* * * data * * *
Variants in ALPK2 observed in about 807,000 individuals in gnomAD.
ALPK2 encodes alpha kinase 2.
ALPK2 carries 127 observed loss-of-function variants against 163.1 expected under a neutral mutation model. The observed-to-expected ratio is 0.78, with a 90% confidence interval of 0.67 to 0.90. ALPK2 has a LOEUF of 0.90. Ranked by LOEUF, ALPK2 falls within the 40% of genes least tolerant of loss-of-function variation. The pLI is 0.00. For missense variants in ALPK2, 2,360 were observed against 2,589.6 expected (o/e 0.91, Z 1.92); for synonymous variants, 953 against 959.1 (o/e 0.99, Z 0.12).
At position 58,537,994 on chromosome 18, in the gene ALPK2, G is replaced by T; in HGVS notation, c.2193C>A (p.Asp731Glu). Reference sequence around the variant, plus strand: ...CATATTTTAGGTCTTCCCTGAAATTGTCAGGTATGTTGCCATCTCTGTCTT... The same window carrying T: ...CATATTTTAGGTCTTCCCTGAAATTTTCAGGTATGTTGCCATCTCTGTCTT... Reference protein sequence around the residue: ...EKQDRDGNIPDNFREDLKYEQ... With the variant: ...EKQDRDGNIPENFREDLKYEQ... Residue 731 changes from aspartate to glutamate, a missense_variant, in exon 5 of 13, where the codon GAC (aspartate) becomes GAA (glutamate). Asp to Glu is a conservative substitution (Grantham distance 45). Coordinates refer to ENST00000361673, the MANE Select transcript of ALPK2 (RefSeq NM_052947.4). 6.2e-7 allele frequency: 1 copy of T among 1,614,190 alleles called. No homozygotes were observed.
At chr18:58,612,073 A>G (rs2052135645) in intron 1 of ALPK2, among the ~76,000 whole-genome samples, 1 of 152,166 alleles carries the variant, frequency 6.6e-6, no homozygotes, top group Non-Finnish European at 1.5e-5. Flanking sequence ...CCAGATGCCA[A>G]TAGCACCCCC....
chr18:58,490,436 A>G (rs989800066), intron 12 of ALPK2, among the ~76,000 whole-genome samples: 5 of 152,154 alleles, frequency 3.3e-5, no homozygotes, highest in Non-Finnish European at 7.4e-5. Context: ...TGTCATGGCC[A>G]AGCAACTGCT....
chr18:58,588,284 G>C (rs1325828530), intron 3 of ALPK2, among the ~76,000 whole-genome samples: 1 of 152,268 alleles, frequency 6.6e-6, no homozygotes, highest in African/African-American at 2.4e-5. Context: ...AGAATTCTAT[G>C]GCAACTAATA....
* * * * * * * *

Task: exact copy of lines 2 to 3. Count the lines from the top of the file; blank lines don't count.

ALPK2 encodes alpha kinase 2.
ALPK2 carries 127 observed loss-of-function variants against 163.1 expected under a neutral mutation model. The observed-to-expected ratio is 0.78, with a 90% confidence interval of 0.67 to 0.90. ALPK2 has a LOEUF of 0.90. Ranked by LOEUF, ALPK2 falls within the 40% of genes least tolerant of loss-of-function variation. The pLI is 0.00. For missense variants in ALPK2, 2,360 were observed against 2,589.6 expected (o/e 0.91, Z 1.92); for synonymous variants, 953 against 959.1 (o/e 0.99, Z 0.12).